Lucy review

There’s a unusual groove to Luc Besson’s Lucy that you will either slide right into or be thrown completely off-kilter by. This is one of those movies that’s especially rare in commercial filmmaking, one that feels so utterly esoteric and singular that it would be hard to imagine any grey area in the audience’s reaction. You’re either going to love it or hate it, and I most certainly fell into the former camp.

Lucy (Scarlett Johansson) begins the film as a somewhat ditzy student who is meant to be studying in Taipei, but seems to spend most of her time partying and trying to have a good time. She’s tricked by her short term boyfriend (Pilou Asbaek) into delivering a package to the hotel room of the sinister Mr. Jang (Choi Min-sik), which gets her caught up with a drug smuggling ring.

In order to turn Lucy into a mule for the mysterious drug CPH4, the smugglers sew a package into her abdomen. When one of her captors beats her up the drug begins to leak into her system.

The compound then starts to have some very powerful effects on Lucy, the first of which are enjoyably illustrated using a new spin on a familiar camera trick. Using techniques that go way back to Stanley Donen’s superb Royal Wedding, Luc Besson turns Lucy’s world upside down.

There’s some pseudoscience to the drug and it’s inherently silly but there’s little reason for it to get in the way; Besson sets up the film’s interior logic early on and sticks to his guns. We learn the rules through a series of cross cuts between Lucy’s story and a speech by Professor Norman (Morgan Freeman) who is explaining that we only utilise 10% of our cerebral capacity, and that if that percentage were to increase then the results would be quite extraordinary. Of course, the CPH4 coursing through Lucy’s veins is doing just this to Lucy, slowly increasing the percentage of mental faculties she has access to. The percentage unlocked so far is regularly displayed on screen for the audience.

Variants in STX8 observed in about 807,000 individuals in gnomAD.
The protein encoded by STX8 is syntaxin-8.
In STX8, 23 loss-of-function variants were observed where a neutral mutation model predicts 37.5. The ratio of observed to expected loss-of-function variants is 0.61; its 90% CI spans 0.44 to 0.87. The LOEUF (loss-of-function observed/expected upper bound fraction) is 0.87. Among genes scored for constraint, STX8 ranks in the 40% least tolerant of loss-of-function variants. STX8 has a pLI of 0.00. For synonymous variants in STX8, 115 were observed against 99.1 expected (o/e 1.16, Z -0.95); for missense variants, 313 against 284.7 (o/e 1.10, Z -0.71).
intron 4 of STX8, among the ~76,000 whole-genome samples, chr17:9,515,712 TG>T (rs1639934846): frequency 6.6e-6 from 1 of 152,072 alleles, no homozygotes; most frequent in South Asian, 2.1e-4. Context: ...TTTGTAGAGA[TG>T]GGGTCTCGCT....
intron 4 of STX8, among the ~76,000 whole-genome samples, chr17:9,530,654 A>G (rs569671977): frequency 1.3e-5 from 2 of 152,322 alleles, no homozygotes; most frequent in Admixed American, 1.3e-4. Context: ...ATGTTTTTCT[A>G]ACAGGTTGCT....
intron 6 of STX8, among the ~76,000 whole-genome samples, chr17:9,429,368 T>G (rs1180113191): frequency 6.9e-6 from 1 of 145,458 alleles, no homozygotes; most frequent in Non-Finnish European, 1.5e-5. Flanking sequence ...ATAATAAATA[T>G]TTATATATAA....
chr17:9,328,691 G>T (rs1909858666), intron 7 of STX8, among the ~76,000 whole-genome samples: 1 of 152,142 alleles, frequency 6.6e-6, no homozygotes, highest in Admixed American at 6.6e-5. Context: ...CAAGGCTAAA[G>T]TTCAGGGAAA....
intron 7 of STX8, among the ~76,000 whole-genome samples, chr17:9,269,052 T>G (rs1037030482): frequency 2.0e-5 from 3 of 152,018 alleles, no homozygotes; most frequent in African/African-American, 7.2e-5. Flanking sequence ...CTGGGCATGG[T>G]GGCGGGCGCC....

And as her brainpower counts up, time is counting down. Lucy comments early on that she doesn’t expect to live beyond twenty-four hours, which triggers the well-known ‘race against time’ B-movie narrative, a hyperactive riff on Rudolph Mate’s D.O.A.

This is all amounts to a rather preposterous set-up, especially if you were looking for the science of Lucy to match that of the real world, but the veracity of Norman’s claims are accepted as fact within the film and everything spins off from there.

And boy, does it spin off. Wildly.

Much of Lucy makes use of associative editing, with Besson using his cuts to juxtapose pairs and series of images to suggest non-literal meanings. This technique has been used many times in comedy, sometimes to illustrate things that can’t otherwise be shown on screen – think of trains going into tunnels in chaste Hollywood movies. At first, Besson employs the technique to similarly arch and amusing ends, but later starts to get more experimental.

An early example, for instance, sees a shot of Lucy being persuaded to deliver the package cut with another of a mouse approaching a trap. Then, as Lucy enters the hotel, Besson cuts back and forth between her crossing the lobby and a wild cat hunting down its prey on an open plain.

This point of comparison is further accentuated in Johansson’s costuming, with changes to her wardrobe later taking on even more significance. The details have been very precisely constructed.

The hunting sequence is a pretty direct piece of association – reminiscent, perhaps, of Oliver Stone’s Natural Born Killers – but, much like everything else about Lucy, Besson doesn’t hold back at all. He takes the technique and runs absolutely wild with it.